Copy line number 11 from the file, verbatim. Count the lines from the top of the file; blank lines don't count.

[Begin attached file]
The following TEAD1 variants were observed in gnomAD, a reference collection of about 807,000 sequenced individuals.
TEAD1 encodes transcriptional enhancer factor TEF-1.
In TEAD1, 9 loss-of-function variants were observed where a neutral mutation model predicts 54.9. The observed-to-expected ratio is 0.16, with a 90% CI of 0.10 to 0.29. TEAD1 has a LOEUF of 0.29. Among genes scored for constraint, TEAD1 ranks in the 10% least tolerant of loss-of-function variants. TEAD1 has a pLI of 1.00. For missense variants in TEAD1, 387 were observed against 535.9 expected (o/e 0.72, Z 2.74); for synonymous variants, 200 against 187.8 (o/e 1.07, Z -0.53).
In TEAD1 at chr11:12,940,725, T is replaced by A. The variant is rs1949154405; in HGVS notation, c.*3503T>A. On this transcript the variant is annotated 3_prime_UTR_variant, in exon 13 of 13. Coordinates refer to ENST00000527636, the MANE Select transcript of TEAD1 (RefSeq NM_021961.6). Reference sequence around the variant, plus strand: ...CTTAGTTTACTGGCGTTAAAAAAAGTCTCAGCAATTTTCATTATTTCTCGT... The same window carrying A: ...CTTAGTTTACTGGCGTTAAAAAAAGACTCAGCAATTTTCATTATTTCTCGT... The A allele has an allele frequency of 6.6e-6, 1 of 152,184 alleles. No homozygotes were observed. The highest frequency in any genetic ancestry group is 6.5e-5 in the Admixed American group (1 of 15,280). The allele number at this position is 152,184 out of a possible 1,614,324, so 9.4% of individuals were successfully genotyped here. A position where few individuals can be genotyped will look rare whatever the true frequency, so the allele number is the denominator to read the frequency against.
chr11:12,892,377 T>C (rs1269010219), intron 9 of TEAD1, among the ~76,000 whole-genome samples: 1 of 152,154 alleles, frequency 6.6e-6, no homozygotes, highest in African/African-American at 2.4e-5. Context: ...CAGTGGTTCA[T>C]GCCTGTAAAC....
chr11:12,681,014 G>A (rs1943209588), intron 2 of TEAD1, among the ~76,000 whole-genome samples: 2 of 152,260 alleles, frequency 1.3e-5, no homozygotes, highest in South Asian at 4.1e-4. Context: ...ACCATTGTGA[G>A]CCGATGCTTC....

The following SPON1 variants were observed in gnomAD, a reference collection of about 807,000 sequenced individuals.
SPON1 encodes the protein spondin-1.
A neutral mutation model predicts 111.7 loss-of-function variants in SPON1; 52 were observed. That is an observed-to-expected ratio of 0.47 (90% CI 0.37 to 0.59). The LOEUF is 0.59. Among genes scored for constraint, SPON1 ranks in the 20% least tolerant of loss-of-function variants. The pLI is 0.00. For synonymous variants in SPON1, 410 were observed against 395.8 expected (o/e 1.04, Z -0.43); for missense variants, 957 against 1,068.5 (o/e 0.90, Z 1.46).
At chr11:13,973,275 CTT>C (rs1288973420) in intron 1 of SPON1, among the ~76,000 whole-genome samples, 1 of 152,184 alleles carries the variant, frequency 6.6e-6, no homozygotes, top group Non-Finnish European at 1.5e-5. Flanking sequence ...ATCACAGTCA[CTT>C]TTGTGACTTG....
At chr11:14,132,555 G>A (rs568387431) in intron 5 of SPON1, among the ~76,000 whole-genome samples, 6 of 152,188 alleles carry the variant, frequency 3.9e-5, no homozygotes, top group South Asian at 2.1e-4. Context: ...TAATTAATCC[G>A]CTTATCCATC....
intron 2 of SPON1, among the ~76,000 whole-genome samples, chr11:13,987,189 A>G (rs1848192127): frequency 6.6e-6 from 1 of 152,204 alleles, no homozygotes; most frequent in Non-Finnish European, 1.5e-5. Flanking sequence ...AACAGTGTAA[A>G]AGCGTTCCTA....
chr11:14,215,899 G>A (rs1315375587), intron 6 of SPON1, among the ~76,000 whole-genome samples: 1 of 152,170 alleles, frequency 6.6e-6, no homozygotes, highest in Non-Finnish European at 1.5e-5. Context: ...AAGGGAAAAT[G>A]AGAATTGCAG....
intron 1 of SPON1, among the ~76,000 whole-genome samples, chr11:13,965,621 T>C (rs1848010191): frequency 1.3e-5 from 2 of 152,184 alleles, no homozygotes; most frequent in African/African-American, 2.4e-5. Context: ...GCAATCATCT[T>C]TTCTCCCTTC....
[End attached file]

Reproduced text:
At chr11:14,132,555 G>A (rs568387431) in intron 5 of SPON1, among the ~76,000 whole-genome samples, 6 of 152,188 alleles carry the variant, frequency 3.9e-5, no homozygotes, top group South Asian at 2.1e-4. Context: ...TAATTAATCC[G>A]CTTATCCATC....